Dr. Fatimah Jackson received her Ph.D., M.A., and B.A. (cum laude with Distinction in all Subjects) from Cornell University. Her doctoral dissertation research was on The Relationship of Certain Genetic Traits to the Incidence and Intensity of Malaria in Liberia, West Africa. She has conducted research on (and is particularly interested in): 1.) Human-plant coevolution, particularly the influence of phytochemicals on human metabolic effects and evolutionary processes and 2.) Population substructure in peoples of African descent, developing Ethnogenetic Layering as a computational tool to identify human microethnic groups and differential expressions of health disparities. Trained as a human biologist, Dr. Jackson has published extensively in such journals as Human Biology, Biochemical Medicine and Metabolic Biology, Journal of the National Medical Association, American Journal of Human Biology, Annals of Human Biology, BMC Biology, and most recently the American Journal of Public Health. Dr. Jackson's research has been funded by: USAID, Ford Foundation, Huber Foundation, Rockefeller Foundation, NIH (NIMHD and NHGRI), Wenner-Gren Foundation, and EPA. Dr. Jackson has taught at Cornell University, University of California - Berkeley, University of Florida, University of Maryland - College Park (where she is Distinguished Scholar Teacher and Professor Emerita), University of North Carolina - Chapel Hill and now at Howard University. She has been a Visiting Scholar at University of Georgia and University of Khartoum in Sudan and she was a Senior Fulbright Fellow in Egypt. She has been awarded the Nick Norgan Award for 2009 Best Article Published in Annals of Human Biology. In 2012 she was the first recipient of the Ernest E. Just Prize in Medical and Public Health Research, Avery Research Institute, College of Charleston and Medical University of South Carolina (University of South Carolina). In 2012, she was also Coined by Rear Admiral Dr. Helena Mishoe, National Institutes of Health, NHLBI and US Public Health Service.
What could you do with 400 years of biological history on african americans?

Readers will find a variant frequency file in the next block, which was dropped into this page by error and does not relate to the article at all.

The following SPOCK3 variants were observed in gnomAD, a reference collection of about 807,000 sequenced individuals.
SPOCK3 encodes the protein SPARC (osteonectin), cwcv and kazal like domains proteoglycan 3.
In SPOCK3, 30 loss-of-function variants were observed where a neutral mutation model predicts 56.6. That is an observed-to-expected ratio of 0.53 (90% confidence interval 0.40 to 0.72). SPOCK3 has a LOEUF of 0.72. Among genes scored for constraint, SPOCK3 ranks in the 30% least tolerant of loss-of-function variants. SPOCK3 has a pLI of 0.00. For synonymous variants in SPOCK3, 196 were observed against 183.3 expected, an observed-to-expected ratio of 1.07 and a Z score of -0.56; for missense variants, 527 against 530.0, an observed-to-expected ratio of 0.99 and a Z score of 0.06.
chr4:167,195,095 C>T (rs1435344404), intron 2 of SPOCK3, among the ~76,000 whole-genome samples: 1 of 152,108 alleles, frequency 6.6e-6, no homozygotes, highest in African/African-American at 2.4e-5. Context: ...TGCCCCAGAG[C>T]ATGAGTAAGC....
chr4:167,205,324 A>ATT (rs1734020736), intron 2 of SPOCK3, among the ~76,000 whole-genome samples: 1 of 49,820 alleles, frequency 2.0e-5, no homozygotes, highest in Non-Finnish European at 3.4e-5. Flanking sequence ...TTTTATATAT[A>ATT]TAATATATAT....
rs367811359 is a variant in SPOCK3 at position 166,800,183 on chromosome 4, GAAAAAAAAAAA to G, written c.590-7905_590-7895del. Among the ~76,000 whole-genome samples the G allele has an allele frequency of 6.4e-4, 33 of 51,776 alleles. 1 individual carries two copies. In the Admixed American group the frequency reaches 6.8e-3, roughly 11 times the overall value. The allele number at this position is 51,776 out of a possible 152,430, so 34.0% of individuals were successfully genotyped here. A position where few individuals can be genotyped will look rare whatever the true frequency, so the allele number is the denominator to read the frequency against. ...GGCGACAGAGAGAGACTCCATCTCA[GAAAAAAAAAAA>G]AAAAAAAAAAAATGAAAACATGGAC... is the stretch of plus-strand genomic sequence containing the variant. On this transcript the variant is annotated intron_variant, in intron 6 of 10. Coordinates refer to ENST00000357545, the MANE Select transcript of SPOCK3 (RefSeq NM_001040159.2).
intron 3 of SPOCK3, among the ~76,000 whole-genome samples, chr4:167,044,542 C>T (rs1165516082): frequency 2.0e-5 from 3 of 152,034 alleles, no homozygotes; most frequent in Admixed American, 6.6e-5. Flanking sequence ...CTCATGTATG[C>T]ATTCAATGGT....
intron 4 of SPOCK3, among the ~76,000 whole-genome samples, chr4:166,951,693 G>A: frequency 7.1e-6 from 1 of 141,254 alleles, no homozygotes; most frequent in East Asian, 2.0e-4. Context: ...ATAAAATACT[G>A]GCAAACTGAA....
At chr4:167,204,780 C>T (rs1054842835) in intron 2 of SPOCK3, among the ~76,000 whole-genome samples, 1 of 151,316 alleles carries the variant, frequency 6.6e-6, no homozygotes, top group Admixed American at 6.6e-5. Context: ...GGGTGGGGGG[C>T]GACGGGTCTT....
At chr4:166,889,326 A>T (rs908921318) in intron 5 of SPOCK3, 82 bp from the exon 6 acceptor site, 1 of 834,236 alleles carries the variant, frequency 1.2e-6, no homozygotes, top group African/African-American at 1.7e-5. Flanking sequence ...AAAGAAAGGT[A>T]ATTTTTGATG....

Jackson F, Jackson L, Cross C, Clarke C. What could you do with 400 years of biological history on african americans? Evaluating the potential scientific benefit of systematic studies of dental and skeletal materials on African Americans from the 17th through 20th centuries. Am J Hum Biol. 2016 Jul;28(4):510-3. doi: 10.1002/ajhb.22821. Epub 2016 Jan 9.
Applying Next Generation Science Standards in the Cobb Research Laboratory.
Jackson F and Cross C 2015 Applying Next Generation Science Standards in the Cobb Research Laboratory. The Backbone vol 1 no. 1 Spring 2015. http://www.cobbresearchlab.com/issue-1/2015/1/26/sk2by7uuny8if3aku45ty3n...
The Cobb Collection: Current Status and Future Research Directions.
Jackson F 2015 The Cobb Collection: Current Status and Future Research Directions. Am J Hum Biol.. 2015 Mar 4;27(2):233-4. doi: 10.1002/ajhb.22692. http://onlinelibrary.wiley.com/doi/10.1002/ajhb.22692/full
A Study on the Receptivity to Cancer Prevention Among African American Muslims.
Obuobi SR and Jackson F 2014 A Study on the Receptivity to Cancer Prevention Among African American Muslims. Journal of Social Science for Policy Implications. 2(2) June:01-17. http://aripd.org/journals/jsspi/Vol_2_No_2_June_2014/1.pdf
Let minority-serving institutions lead
Jackson F, Lee CM, Taylor S. Let minority-serving institutions lead. Science. 2014 Aug 22;345(6199):885. doi: 10.1126/science.345.6199.885-c.
Gene–environment interactions in human health: case studies and strategies for developing new paradigms
Jackson, FLC 2014 Gene–environment interactions in human health: case studies and strategies for developing new paradigms and research. Frontiers in Genetics, 29 August 2014 | doi: 10.3389/fgene.2014.00271methodologies http://journal.frontiersin.org/Journal/10.3389/fgene.2014.00271/full
Conceptual shifts needed to understand the dynamic interactions of genes, environment, epigenetics,..
Jackson, FLC; Niculescu MD, and Jackson, RT 2013 Conceptual shifts needed to understand the dynamic interactions of genes, environment, epigenetics, social processes, and behavioral choices. American Journal of Public Health. October 2013, Vol. 103, No. S1, pp. S33-S42.doi: 10.2105/AJPH.2013.301221
Illuminating cancer health disparities using ethnogenetic layering (EL) and phenotype segregation network analysis
Jackson, F. 2006 Illuminating cancer health disparities using ethnogenetic layering (EL) and phenotype segregation network analysis (PSNA). J Cancer Education 21(1):69-79. http://ukpmc.ac.uk/abstract/MED/17020506
Response to Armelagos commentary on the “Slavery Hypertension Hypothesis” Transforming Anthropology
Jackson, FLC 2005 Response to Armelagos commentary on the “Slavery Hypertension Hypothesis” Transforming Anthropology 13(2):125-135. http://onlinelibrary.wiley.com/doi/10.1525/tran.2005.13.2.125/abstract